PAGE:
Why Is Chicago Called ‘Shy Town’?

Chicago is famously called the ‘Windy City,’ but some also know it by another nickname – ‘Shy Town.’ At first glance, shy doesn’t seem to fit with a bustling metropolis like Chicago. So why the odd moniker? If you’re short on time, here’s the quick answer: ‘Shy Town’ refers to Chicago’s days as a center of illegal activity and mobsters in the 1920s-1930s. Shy is slang from this era meaning on the sly, illegal activities.

In this comprehensive article, we’ll dive into the full story behind Chicago’s ‘Shy Town’ nickname. We’ll explore the Prohibition era roots when shy gained popularity. We’ll also look at how Chicago’s underground economy and corruption led to this nickname taking hold in the city’s lexicon.

Origins in Prohibition Era Slang

Chicago, famously known as the “Windy City,” has another nickname that has intrigued both locals and visitors for decades – “Shy Town.” The origins of this nickname can be traced back to the Prohibition era in the United States, which lasted from 1920 to 1933.

During this time, the production, sale, and distribution of alcoholic beverages were banned. However, Chicago became notorious for its thriving underground speakeasies and illegal alcohol trade.

Rise of Slang Term ‘Shy’

One theory suggests that the term “Shy” originated from the slang word “shylock,” which referred to a person who lent money at extremely high-interest rates. In the context of the Prohibition era, “shy” was used as a code word to describe the illegal alcohol being sold in Chicago.

The term was likely used to avoid drawing attention from law enforcement or others who may be listening.

Another theory suggests that “Shy” was a shortened version of the word “shyster,” which was a derogatory term used to describe a dishonest or unscrupulous person. This term was often associated with bootleggers and those involved in the illegal alcohol trade in Chicago.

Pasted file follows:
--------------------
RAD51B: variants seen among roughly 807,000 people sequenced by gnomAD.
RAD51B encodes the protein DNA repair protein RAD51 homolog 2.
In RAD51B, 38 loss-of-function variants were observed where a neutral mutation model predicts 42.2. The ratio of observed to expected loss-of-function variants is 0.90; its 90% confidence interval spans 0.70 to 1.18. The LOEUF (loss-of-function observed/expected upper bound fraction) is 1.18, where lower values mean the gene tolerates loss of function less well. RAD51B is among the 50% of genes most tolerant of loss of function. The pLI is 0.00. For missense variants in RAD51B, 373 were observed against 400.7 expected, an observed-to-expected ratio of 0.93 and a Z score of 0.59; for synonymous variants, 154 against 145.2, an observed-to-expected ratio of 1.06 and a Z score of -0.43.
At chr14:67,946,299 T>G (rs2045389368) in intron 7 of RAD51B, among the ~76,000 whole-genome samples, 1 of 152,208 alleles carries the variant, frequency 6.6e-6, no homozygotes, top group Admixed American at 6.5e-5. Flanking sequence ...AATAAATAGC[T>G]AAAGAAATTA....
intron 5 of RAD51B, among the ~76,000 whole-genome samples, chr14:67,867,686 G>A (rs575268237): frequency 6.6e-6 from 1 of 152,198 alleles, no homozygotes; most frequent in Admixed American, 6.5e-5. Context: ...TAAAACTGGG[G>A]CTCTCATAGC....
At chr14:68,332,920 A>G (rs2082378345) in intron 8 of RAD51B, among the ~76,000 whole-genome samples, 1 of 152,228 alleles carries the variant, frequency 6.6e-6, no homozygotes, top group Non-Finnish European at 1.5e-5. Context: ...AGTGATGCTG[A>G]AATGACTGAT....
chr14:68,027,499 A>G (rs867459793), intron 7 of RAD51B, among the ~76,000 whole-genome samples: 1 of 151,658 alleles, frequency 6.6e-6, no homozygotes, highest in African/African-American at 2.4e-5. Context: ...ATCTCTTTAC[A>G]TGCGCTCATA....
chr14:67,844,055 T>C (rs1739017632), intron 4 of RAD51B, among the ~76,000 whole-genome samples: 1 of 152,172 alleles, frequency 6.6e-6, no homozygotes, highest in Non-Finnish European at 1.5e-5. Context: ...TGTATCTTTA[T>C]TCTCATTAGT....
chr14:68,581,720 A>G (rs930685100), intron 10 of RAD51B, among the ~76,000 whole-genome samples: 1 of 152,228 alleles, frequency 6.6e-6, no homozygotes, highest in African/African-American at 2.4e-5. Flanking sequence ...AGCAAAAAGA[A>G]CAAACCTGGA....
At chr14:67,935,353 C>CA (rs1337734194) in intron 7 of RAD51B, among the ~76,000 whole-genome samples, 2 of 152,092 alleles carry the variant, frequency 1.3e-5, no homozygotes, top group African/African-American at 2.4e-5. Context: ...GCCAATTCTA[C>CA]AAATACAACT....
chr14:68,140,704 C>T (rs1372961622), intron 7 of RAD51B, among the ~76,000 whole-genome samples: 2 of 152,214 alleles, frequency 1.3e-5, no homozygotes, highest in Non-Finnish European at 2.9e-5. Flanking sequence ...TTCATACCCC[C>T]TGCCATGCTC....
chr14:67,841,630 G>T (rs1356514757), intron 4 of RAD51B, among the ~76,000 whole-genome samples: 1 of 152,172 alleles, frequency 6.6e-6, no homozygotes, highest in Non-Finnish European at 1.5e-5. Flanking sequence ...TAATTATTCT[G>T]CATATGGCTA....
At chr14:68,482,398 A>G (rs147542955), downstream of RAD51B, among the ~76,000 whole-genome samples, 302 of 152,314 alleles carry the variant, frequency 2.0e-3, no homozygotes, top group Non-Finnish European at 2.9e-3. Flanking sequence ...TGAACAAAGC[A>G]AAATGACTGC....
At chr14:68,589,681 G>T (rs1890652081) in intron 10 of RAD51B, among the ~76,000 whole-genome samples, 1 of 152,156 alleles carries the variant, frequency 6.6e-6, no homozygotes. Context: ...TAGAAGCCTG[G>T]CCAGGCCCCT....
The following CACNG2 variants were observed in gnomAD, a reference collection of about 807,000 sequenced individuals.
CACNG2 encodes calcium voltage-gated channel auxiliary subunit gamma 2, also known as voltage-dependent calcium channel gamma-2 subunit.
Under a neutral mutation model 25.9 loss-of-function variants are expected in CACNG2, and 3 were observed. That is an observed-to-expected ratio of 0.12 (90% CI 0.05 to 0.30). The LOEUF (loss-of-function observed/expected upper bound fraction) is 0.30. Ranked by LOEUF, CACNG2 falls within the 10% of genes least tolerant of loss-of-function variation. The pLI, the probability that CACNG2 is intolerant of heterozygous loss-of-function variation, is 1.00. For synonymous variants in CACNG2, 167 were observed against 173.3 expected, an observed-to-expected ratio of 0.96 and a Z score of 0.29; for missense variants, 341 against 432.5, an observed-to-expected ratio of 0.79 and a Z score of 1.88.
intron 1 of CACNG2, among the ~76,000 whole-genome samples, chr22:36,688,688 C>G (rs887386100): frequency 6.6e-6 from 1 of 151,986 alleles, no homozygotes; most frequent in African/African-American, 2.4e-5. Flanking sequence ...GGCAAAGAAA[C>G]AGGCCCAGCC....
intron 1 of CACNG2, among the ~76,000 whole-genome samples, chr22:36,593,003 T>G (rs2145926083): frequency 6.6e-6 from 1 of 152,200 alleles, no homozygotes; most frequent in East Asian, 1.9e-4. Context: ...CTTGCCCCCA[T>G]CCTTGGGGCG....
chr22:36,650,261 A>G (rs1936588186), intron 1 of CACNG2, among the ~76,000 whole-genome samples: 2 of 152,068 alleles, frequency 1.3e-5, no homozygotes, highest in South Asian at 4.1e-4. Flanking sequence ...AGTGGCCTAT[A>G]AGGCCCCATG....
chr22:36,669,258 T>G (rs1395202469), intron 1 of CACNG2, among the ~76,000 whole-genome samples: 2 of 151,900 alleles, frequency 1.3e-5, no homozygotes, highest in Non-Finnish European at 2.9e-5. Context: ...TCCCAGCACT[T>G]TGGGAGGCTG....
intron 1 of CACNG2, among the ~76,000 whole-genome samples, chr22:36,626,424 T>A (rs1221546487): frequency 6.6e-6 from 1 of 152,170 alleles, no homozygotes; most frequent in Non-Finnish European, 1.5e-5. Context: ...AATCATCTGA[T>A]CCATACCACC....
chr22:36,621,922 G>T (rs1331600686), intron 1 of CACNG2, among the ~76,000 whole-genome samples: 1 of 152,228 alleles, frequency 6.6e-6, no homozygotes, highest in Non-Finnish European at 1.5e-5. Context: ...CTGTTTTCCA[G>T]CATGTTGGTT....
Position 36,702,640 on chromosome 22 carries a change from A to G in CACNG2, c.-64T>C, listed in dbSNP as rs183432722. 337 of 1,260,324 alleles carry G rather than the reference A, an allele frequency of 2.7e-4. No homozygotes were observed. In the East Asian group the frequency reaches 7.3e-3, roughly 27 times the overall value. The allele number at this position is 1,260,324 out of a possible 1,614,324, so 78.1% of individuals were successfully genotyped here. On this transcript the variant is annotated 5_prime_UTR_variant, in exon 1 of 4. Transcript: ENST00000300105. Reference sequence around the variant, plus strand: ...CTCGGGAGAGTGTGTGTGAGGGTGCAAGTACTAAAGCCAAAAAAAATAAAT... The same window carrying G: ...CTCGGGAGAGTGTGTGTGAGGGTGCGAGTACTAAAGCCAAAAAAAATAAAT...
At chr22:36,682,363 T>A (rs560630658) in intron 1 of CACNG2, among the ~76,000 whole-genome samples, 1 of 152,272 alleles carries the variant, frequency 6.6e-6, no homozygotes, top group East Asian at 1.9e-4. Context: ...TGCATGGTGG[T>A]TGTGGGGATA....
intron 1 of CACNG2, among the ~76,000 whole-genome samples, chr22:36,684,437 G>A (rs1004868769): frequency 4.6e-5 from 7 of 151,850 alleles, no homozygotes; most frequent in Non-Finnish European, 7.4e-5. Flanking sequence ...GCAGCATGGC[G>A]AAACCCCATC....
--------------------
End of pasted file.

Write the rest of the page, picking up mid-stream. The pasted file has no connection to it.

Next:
Popularity in Chicago Underworld

The term “Shy” gained popularity within the Chicago underworld during the Prohibition era. It became widely used among gangsters, bootleggers, and speakeasy owners to refer to Chicago and its thriving illegal alcohol trade.

The nickname “Shy Town” eventually caught on and became a way for people in the know to refer to the city.

Chicago’s reputation as a city with a flourishing underworld and a disregard for Prohibition laws contributed to the popularity of the nickname. The city became synonymous with illegal activities, and “Shy Town” became a symbol of the defiance and resilience of Chicagoans during this time.

While the exact origin of the term “Shy Town” may remain somewhat uncertain, its association with the Prohibition era and Chicago’s underground activities is undeniable. It has become a part of Chicago’s history and cultural identity, representing a time of rebellion and the city’s unique spirit.